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Johnson, Andrew, 1808-1875

LC control no.n 79056304
Descriptive conventionsrda
Personal name headingJohnson, Andrew, 1808-1875
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Variant(s)Johnson, President, 1808-1875
See alsoTennessee. Governor (1853-1857 : Johnson)
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Tennessee. Military Governor (1862-1865 : Johnson)
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United States. President (1865-1869 : Johnson)
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Spouse: Johnson, Eliza McCardle, 1810-1876
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Other standard no.42929422
Associated countryUnited States
Associated placeGreeneville (Tenn.)
Birth date1808-12-29
Death date1875-07-31
Place of birthRaleigh (N.C.)
Place of deathElizabethton (Tenn.)
AffiliationUnited States. Congress. House
United States. Congress. Senate
United States. Congress. Senate
Democratic Party (U.S.)
Profession or occupationPresidents
Special noteOld catalog hdg.: Johnson, Andrew, Pres. U.S., 1808-1875
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Found inUniversity of Tennessee, Knoxville. Special Collections Library. J.G.M. Ramsey family papers, 1790-1869 (President Johnson; will be the best friend the South has)
Lossing, B. J. Pictorial history of the Civil War in the United States of America, 1868: p. 37 (prominent East Tenn. Loyalist; suffered persecution; member of Congress)
Wikipedia, Mar. 28, 2013 (Andrew Johnson; b. Dec. 29, 1808, Raleigh, N.C., d. July 31, 1875, near Elizabethton, Tenn.)
Biographical Directory of the United States Congress website, viewed September 27, 2016 (Johnson, Andrew, (father-in-law of David Trotter Patterson), a Representative and a Senator from Tennessee and a Vice President and 17th President of the United States; born in Raleigh, N.C., on December 29, 1808; self-educated; at the age of 13 was apprenticed to a tailor; moved to Tennessee in 1826; employed as a tailor; alderman of Greeneville, Tenn., 1828-1830; mayor of Greeneville 1834-1838; member, State house of representatives 1835-1837, 1839-1841; elected to the State senate in 1841; elected as a Democrat to the Twenty-eighth and to the four succeeding Congresses (March 4, 1843-March 3, 1853); chairman, Committee on Public Expenditures (Thirty-first and Thirty-second Congresses); did not seek renomination, having become a gubernatorial candidate; Governor of Tennessee 1853-1857; elected as a Democrat to the United States Senate and served from October 8, 1857, to March 4, 1862, when he resigned; chairman, Committee to Audit and Control the Contingent Expenses (Thirty-sixth Congress), Committee on the District of Columbia (Thirty-sixth Congress); appointed by President Abraham Lincoln Military Governor of Tennessee in 1862; elected Vice President of the United States on the Republican ticket with Abraham Lincoln in 1864 and was inaugurated on March 4, 1865; became President of the United States on April 15, 1865, upon the death of Abraham Lincoln; wide differences arising between the President and the Congress, a resolution for his impeachment passed the House of Representatives on February 24, 1868; eleven articles were set out in the resolution and the trial before the Senate lasted three months, at the conclusion of which he was acquitted (May 26, 1868) by a vote of thirty-five for conviction to nineteen for acquittal, the necessary two-thirds vote for impeachment not having been obtained; retired to his home in Tennessee upon the expiration of the presidential term, March 3, 1869; unsuccessful candidate for election to the United States Senate in 1869 and to the House of Representatives in 1872; elected as a Democrat to the United States Senate and served from March 4, 1875, until his death near Elizabethton, Carter County, Tenn., July 31, 1875; interment in the Andrew Johnson National Cemetery, Greeneville, Greene County, Tenn.)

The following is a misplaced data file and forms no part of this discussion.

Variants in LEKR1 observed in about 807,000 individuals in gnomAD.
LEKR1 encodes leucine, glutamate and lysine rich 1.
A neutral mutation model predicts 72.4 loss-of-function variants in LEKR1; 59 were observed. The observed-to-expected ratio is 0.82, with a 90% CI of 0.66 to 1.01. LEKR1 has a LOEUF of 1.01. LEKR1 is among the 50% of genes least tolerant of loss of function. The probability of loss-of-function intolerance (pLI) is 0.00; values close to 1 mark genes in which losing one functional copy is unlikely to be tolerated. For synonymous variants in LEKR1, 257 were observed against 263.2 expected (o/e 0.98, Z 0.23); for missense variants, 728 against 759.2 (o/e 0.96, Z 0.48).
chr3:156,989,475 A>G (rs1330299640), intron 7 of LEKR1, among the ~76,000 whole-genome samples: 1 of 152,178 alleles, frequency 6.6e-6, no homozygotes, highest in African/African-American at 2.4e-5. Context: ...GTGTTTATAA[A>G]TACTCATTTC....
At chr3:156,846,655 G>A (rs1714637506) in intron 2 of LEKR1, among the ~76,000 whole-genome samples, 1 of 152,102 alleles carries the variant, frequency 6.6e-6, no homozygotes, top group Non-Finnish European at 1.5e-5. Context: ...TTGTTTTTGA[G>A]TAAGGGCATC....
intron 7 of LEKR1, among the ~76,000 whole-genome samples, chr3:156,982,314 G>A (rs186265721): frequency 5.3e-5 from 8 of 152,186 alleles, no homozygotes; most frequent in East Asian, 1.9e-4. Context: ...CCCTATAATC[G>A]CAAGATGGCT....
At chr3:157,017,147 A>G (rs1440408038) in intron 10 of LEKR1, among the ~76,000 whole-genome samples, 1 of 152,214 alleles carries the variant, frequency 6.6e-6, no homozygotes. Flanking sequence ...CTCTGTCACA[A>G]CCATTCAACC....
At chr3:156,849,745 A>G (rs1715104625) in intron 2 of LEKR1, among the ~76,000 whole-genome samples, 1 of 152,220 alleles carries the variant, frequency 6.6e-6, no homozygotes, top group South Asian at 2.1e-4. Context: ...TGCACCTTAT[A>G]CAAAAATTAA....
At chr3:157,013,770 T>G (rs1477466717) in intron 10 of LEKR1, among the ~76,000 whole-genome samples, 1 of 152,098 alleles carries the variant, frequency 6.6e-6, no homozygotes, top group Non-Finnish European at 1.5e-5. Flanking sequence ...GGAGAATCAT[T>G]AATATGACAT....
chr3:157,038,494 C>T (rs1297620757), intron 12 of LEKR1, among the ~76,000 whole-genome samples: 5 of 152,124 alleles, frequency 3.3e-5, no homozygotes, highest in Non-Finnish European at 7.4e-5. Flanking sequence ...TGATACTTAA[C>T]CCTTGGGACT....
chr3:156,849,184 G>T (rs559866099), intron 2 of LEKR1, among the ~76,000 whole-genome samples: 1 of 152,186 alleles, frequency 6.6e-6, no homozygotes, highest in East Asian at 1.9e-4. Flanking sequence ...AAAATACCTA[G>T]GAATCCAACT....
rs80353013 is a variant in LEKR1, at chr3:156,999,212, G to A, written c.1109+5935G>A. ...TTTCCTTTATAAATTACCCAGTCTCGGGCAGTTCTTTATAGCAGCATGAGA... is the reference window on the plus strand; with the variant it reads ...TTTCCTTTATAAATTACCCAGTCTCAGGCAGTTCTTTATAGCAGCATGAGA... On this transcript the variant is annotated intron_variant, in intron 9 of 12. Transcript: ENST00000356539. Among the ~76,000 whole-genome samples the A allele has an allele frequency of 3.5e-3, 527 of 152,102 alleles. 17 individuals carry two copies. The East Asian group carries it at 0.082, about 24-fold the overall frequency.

Associated languageeng